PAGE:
The available buildings are also grouped into 4 technology categories, in which the player can earn XP through specific actions (e.g. in the Production category, XP is earned through the creation of items in buildings such as Kitchens and Workshops). Raising the "level" of each category unlocks the construction of extra buildings and products that can be created in them.
Medieval Dynasty also differs from other Survival Games in that we have to recruit and take care of NPCs who will live and work in the buildings we construct. These NPCs are scattered throughout the world's villages and, like the player, have their individual Skills and preferences in favor of one form of work over another. Thus, one will state that he prefers productive jobs, another prefers working on farms, another prefers chopping wood, etc. Placing an NPC in the post where they have a specialty will optimize their production in that particular job, but also increase their Mood , which can be positive or negative, and if it plummets too much then the NPC in question will bid us a fond farewell and simply leave.
The NPCs' Mood is intertwined with fulfilling some classic Survival game needs. If we want to survive long in Medieval Dynasty we must, in addition to fulfilling the needs of Racimir himself (health, food, water, and temperature indicators), make sure to provide the necessary comforts for the NPCs we invite to stay in our village. The main 4 of these needs are shelter, food, water and firewood, so we must constantly monitor the supplies in the journal tabs and make sure to gather the appropriate resources ourselves whenever the need arises, so that we don't run out.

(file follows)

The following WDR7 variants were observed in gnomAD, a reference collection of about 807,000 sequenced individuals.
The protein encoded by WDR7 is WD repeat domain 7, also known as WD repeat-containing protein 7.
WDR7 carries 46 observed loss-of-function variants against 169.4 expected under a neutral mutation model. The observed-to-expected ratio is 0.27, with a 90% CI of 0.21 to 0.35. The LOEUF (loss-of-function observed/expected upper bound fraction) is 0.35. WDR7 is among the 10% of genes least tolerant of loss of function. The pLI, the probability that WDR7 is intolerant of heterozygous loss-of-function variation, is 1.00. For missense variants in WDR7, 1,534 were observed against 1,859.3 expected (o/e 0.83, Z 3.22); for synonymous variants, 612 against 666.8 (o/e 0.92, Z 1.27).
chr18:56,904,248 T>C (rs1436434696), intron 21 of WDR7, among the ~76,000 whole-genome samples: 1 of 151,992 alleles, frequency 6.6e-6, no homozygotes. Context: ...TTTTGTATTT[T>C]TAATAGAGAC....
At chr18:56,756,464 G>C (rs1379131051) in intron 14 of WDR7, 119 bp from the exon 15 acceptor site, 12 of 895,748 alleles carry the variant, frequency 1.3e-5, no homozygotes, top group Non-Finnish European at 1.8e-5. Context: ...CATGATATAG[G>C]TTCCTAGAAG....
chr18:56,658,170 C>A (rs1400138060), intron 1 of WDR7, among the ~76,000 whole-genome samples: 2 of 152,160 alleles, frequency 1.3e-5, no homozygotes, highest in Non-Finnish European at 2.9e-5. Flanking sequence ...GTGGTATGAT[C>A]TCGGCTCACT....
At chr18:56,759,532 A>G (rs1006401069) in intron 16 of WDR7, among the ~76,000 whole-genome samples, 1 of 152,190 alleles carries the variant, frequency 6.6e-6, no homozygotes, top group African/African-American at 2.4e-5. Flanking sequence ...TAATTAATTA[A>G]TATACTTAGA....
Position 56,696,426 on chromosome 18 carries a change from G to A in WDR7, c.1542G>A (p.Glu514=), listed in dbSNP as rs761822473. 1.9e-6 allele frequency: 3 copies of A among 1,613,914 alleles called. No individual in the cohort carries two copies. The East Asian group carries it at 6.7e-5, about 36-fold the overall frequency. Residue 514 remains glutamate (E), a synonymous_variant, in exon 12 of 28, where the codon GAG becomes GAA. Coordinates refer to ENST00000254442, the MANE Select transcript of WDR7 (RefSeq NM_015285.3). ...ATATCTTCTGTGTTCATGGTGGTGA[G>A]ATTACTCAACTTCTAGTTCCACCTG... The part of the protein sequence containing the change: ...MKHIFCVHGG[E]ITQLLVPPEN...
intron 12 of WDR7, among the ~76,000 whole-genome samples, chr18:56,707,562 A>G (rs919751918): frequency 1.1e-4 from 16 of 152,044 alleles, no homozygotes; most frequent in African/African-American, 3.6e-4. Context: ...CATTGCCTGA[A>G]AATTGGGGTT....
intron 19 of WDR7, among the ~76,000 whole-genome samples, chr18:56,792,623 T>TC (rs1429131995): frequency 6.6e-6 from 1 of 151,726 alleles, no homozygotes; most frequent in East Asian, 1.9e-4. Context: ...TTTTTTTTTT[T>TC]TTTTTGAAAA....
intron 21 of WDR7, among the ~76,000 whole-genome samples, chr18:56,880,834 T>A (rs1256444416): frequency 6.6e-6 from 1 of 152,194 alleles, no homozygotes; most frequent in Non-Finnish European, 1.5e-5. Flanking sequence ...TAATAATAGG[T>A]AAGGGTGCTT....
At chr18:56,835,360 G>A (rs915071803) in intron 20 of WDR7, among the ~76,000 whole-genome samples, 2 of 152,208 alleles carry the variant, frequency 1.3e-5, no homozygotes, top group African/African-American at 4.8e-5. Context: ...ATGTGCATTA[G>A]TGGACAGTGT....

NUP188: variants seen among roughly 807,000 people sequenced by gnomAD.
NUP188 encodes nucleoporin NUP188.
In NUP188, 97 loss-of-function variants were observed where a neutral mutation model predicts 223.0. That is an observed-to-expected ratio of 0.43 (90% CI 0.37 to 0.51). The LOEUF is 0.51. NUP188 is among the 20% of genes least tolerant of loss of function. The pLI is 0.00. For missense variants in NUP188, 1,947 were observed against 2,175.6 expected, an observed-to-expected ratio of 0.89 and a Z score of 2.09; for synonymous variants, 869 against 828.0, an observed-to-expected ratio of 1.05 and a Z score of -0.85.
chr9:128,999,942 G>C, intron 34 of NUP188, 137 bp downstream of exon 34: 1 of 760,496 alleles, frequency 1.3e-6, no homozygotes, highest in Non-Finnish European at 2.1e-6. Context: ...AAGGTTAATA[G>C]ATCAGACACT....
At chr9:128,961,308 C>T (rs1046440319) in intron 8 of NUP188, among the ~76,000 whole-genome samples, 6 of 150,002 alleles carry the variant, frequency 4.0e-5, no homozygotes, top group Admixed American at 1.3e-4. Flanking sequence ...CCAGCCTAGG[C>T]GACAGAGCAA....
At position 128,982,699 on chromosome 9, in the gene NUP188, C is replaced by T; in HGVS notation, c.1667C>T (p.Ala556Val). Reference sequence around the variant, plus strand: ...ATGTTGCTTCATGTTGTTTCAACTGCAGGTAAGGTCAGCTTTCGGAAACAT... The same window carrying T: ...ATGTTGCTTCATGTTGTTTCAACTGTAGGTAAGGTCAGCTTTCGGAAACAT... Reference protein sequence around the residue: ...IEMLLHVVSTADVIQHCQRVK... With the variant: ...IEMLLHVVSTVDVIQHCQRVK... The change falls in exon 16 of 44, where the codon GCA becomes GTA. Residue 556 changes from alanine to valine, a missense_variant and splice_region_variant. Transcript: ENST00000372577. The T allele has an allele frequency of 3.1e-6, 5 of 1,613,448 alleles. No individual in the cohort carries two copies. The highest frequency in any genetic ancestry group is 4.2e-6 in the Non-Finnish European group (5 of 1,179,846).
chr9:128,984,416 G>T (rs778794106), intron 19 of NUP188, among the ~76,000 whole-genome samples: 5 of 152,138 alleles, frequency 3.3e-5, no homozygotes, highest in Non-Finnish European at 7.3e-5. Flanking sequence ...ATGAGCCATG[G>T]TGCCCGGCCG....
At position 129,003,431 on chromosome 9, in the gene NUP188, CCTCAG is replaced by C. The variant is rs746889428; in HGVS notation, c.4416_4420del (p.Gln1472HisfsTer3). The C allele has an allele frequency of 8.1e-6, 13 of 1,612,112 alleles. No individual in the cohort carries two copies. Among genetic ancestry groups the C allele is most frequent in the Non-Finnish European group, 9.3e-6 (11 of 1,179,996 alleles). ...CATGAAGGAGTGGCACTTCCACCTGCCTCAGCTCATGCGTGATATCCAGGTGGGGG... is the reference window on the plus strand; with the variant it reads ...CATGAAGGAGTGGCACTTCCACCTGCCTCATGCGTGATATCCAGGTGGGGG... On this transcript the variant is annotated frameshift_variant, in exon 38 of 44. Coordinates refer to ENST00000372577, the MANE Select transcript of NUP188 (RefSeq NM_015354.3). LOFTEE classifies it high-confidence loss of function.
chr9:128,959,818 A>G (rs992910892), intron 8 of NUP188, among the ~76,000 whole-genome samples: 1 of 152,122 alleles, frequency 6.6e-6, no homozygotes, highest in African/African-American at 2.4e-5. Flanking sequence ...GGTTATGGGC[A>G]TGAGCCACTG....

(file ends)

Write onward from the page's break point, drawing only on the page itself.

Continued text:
This is mostly true in the early to middle stages of the game. As we progress by developing the village, unlocking new productive buildings and staffing them with workers to whom we give the production orders we want, an automation slowly occurs: the carpenter collects wood, the worker in the workshop uses it to make buckets and waterskins and the person in charge of the well will fill them with water, the hunter will collect meat and the cook will grill it, the blacksmith will make tools for all of the above using the metals brought to him by the workers in the mines, and all of these products are automatically placed in the community's warehouses. As "nerve-wracking" as it may be at first that we are essentially called upon in the game to do jobs more for the survival of our villagers than our own, it is even more satisfying to see our humble settlement slowly transform into an organized and self-sufficient community that can survive practically "on automatic pilot".
The above briefly describes the game's basic gameplay loop. There are several other minor parameters that affect things, such as the fact that time in the game is divided into four seasons (we can extensively customize the game's startup so that, among other things, each season lasts from 3 to 30 in-game days), each with its own unique weather conditions, which also affect what varieties of produce we can grow at any given time on our farms. It is also worth mentioning that every Spring we have to pay as taxes to the king an amount of coins that increases depending on the size of our village (and also whether the king in question is "good" or "bad"), so in addition to fulfilling the basic needs of the community, we have to take care of gathering a certain wealth every year, mainly through buying and selling goods (and here, too, an automation can be introduced in the late stages of the game, by unlocking a Market building). Either way, the basic pattern at the core of the game remains: resource farming, character development, recruiting villagers, village construction and development, unlocking new technologies, ???, profit.